CHEYENNE – Jayla Jones sat nervously on the bench watching her Cheyenne Central teammates who were deadlocked in a back-and-forth affair with cross-town rival Cheyenne East in a mid-February 2018 showdown at Storey Gym.

Central coach Glen Kirkbride, then in his second season at the helm of the program after coming over from Cheyenne South, knew one of his reserves would need to make an impact in the game. He looked up and down the bench before pointing to Jones.

Just 15 years old and shaking to her core, the then-sophomore jumped at the chance.

“It was super nerve-wracking. I didn’t want to disappoint (my teammates),” Jones said. “… I was going into a big game against really good players (and) against a team that was hard to beat. I wanted to go out there and prove myself, especially as a (younger player).

“I was waiting to go in and when (Kirkbride) finally told me to go in, I was like, ‘OK, bet!’” Jones quipped. “So, I went out there and did my thing.”

Jones didn’t score any points that night, and Central lost 39-30. But Kirkbride saw something else in his up-and-coming player – a flash of potential mixed with skill, size and athleticism.

“That was an eye-opening thing for me,” the coach said of Jones’ performance. “That was a deal that said she can handle what we throw at her, so we need to be throwing more at her.”

Though, the plan going into that second regular-season game against East didn’t necessarily involve Jones stepping into a high-leverage situation and having to learn on the fly.

“It was unexpected, but it was something she rose to,” Kirkbride added.

“With her pedigree and her build, we knew she was going to be something special. At that point, I’m not going to lie, I’m not smart enough to tell you I knew she was going to be great right then.”

Kirkbride trusted his gut. He was right.

Jones has flourished since being cast into the fire fresh off the bench that wintery February night in 2018.

The 6-foot-2 center/small forward played in 26 games that season. She averaged 1.2 points per game and snagged 41 total rebounds for the Lady Indians, who advanced all the way to the semifinals of the Wyoming Class 4A state basketball tournament in Casper.

“Oh, God. My first game, I wasn’t as confident as I am now,” Jones said. “Back then, I (thought), ‘Oh, I can shoot, but I don’t really want to. I feel like I won’t make it.’ But now, the confidence I have, I feel like that’s one big thing that has gone up for me, and it makes me a better player.”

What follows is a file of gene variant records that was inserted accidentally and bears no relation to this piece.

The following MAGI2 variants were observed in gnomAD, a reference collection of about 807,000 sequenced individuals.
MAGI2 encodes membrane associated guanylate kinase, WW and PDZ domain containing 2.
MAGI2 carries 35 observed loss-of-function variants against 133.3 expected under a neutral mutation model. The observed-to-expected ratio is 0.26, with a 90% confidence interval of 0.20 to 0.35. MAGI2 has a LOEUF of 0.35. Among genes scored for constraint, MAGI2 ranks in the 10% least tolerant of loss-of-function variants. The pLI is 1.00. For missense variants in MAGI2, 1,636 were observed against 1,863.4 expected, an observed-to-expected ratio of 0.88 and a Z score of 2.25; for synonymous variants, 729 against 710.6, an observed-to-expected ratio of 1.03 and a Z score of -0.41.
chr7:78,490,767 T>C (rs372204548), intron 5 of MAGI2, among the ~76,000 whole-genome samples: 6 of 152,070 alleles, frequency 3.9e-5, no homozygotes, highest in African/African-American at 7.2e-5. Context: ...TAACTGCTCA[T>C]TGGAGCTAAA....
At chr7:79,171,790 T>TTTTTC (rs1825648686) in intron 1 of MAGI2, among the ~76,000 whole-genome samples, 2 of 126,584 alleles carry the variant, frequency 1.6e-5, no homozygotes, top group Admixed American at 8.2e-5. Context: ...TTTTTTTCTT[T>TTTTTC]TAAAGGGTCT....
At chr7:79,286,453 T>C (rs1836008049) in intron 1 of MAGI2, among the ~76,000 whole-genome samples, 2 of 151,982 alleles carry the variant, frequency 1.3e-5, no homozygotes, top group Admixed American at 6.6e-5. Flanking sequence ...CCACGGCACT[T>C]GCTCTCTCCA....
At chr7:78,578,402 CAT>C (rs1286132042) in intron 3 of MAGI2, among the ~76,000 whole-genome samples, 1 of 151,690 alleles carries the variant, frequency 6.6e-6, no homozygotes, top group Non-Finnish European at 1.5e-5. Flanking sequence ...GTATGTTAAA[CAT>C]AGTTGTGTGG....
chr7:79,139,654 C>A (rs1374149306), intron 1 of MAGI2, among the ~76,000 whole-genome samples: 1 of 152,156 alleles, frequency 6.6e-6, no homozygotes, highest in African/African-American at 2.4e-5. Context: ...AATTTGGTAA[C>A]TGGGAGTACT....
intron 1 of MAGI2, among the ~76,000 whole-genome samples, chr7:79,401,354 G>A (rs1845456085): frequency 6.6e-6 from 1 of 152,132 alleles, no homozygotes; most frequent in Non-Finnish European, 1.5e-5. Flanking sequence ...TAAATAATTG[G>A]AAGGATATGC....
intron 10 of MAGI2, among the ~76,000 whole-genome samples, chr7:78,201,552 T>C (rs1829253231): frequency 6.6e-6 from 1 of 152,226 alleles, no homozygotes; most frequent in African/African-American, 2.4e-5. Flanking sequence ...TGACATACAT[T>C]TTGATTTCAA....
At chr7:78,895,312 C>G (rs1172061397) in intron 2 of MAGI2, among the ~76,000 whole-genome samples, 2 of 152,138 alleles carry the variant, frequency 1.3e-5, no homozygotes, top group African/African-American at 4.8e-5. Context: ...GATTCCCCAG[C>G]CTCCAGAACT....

Get better Jones did.

As a junior last winter, Jones was third on the Indians in scoring (7.3 points per game), averaged nearly four rebounds per game and led the team in 3-point shooting (18 of 61). Her efforts helped the Indians to a 17-10 overall record and the 4A state tournament.

Jones’ successes last season have already helped her carve a roadway to another successful campaign this year, she said, in part because of her relentless efforts to soak in every minute on the court – good or bad – and use it as a learning experience.

“Now I know if I have someone that’s bigger than me or slower than me, I know that they probably can’t guard me,” Jones said. “I’m pretty fast for my height (and) my size. I can shoot well for someone my size.

“I can attack (the rim), especially for someone my size, and I feel like that’s something I learned that I can do. I’m also super confident in doing that, and that definitely improves my game knowing what I can and can’t do.”

As Jones gears up for her final prep season on the court, she will be handed more responsibilities, Kirkbride said. Mainly, Jones will be asked to be more of a leader – both vocally and by example.

“She is great with the rest of the team, but she is not one that’s just going to stand and direct traffic and do that kind of leadership,” Kirkbride said. “But we’re asking her to do a little bit of that this year, to be the older one to teach the younger ones our culture and what we do. We’re asking a lot of her, even again this year. I know we have the last few years; we’re doing even more now.”

Jones is more than willing to rise to the challenge and, just like her coach, she has lofty expectations for this season, which tips off at noon Thursday vs. Riverton in Riverton.

“If we all work together as a team, we’ll definitely get somewhere far,” she said. “It’s going to be a good team.”

Tyler Poslosky is a writer for WyoSports. He can be reached at 307-633-3123 or by email at Follow him on Twitter at @TylerPoslosky.

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